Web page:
PhD title: A Comparative Study of Thomas Mann’s Der Zauberberg and T. S. Eliot’s The Waste Land
Supervisors: Dr Nicholas Martin and Professor Steve Ellis
Thomas Mann’s Der Zauberberg (The Magic Mountain, 1924) and T. S. Eliot’s The Waste Land (1922) are two landmark Modernist texts, both of which were composed during and published after the First World War. They are dominated by death, crisis and the declining role of the individual in the context of violent change in Europe. Mann’s novel spans over 1000 pages, while Eliot’s poem comprises only 433 lines, yet both these seminal texts present a myriad of typically Modernist concerns: the experience of time; the possibility of fate; the stagnancy and mechanisation of the Western metropolis; the unexplored mysticism of the East; and the heavy influence of myth, most notably the Grail legend. I aim to highlight these affinities in detail and believe that a comparative study of the works will bring out fresh and mutually illuminating perspectives on these texts.
My research is funded by the Arts and Humanities Research Council (AHRC).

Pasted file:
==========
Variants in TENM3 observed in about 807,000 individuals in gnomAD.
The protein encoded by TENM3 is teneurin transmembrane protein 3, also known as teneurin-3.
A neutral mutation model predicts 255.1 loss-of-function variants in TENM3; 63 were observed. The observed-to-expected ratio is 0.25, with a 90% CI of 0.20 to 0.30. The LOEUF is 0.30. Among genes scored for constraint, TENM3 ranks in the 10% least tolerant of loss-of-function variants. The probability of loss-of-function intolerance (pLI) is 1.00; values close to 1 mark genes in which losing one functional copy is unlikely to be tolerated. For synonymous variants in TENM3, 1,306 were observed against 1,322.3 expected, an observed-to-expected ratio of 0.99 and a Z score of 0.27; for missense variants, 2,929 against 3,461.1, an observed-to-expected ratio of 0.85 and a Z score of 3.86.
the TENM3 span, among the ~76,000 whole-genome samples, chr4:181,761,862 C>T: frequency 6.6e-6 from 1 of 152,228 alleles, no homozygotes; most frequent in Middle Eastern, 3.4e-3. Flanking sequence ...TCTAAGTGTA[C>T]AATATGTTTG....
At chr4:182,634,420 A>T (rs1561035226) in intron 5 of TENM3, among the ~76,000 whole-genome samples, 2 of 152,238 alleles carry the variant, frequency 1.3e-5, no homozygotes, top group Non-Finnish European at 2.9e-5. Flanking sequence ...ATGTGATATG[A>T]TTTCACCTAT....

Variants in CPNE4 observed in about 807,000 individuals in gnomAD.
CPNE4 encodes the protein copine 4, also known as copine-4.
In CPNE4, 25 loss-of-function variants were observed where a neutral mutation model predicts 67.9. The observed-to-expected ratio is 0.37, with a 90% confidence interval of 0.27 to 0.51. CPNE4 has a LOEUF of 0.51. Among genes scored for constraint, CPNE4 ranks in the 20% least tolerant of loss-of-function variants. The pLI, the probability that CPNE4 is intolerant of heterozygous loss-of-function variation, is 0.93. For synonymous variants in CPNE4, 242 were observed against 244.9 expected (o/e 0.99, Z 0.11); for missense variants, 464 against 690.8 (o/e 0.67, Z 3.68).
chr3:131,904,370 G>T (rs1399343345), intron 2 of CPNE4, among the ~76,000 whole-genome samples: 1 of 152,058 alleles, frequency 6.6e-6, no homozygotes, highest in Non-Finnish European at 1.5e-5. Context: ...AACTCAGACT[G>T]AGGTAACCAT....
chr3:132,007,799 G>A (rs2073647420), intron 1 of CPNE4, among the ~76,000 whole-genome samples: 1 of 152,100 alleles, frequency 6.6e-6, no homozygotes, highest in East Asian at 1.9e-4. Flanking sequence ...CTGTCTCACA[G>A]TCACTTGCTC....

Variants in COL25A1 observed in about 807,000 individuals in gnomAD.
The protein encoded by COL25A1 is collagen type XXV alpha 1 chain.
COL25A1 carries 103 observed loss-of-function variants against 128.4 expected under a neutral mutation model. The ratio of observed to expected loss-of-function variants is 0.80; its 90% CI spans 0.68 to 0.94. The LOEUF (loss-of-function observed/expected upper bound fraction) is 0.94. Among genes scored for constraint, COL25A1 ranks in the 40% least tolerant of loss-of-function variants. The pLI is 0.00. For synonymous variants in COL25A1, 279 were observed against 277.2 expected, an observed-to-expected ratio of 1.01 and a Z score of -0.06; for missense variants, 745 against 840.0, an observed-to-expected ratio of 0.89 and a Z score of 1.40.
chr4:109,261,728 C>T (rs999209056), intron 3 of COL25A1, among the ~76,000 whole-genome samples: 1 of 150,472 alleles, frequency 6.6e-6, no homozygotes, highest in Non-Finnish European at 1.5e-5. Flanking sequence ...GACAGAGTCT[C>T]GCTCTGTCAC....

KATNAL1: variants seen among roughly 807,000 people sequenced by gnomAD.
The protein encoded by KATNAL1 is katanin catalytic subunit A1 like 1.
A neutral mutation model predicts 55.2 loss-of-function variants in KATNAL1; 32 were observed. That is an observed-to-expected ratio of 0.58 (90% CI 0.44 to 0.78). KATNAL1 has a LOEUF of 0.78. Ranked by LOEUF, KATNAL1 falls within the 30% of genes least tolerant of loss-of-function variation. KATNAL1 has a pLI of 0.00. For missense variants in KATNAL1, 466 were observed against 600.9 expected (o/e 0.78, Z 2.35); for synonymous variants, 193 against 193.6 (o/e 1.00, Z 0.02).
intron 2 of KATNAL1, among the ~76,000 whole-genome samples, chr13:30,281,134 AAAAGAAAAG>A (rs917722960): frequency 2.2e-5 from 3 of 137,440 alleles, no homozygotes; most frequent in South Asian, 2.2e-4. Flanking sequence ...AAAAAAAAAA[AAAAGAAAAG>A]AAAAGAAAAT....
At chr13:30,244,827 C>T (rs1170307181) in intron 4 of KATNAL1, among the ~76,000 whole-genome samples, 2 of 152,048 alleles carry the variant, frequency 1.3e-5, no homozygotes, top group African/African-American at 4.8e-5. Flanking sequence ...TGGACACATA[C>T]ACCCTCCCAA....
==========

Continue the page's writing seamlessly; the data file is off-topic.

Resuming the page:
As part of my project I will spend two months in early 2014 at the Huntington Library in California exploring mutual American influences on Mann and Eliot. This placement is also funded by the AHRC.
I completed my undergraduate degree at the University of Birmingham in German Studies with English Literature (2007-2011) followed by an MPhil in Modern European Cultures (2011-2012).
The decision to continue my studies at Birmingham was easy due to the excellent quality of supervision I received during my MPhil. Alongside my studies I work as a Postgraduate Teaching Assistant and a Senior Language Ambassador, allowing me to gain experience in teaching both undergraduate and school students.